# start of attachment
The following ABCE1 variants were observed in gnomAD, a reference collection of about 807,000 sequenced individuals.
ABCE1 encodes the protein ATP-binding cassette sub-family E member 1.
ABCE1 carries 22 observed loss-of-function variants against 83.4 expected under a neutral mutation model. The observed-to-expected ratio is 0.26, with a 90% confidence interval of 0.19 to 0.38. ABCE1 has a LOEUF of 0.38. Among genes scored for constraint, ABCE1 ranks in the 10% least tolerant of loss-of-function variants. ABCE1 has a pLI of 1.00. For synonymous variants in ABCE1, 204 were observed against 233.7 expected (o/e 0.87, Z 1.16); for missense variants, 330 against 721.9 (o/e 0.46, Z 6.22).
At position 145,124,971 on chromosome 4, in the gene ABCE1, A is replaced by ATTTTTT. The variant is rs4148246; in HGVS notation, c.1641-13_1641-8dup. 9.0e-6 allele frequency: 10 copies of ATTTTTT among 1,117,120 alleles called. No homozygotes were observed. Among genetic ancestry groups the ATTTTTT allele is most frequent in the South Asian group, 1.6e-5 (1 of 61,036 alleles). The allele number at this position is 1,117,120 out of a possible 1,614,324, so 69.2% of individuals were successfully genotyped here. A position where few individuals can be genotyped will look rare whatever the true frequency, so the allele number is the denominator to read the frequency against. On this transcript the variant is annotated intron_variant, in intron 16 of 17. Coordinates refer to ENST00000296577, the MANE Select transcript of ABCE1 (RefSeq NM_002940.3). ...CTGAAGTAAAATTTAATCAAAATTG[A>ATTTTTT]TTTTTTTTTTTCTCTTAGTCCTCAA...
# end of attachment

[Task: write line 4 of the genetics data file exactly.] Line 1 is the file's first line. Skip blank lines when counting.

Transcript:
At position 145,124,971 on chromosome 4, in the gene ABCE1, A is replaced by ATTTTTT. The variant is rs4148246; in HGVS notation, c.1641-13_1641-8dup. 9.0e-6 allele frequency: 10 copies of ATTTTTT among 1,117,120 alleles called. No homozygotes were observed. Among genetic ancestry groups the ATTTTTT allele is most frequent in the South Asian group, 1.6e-5 (1 of 61,036 alleles). The allele number at this position is 1,117,120 out of a possible 1,614,324, so 69.2% of individuals were successfully genotyped here. A position where few individuals can be genotyped will look rare whatever the true frequency, so the allele number is the denominator to read the frequency against. On this transcript the variant is annotated intron_variant, in intron 16 of 17. Coordinates refer to ENST00000296577, the MANE Select transcript of ABCE1 (RefSeq NM_002940.3). ...CTGAAGTAAAATTTAATCAAAATTG[A>ATTTTTT]TTTTTTTTTTTCTCTTAGTCCTCAA...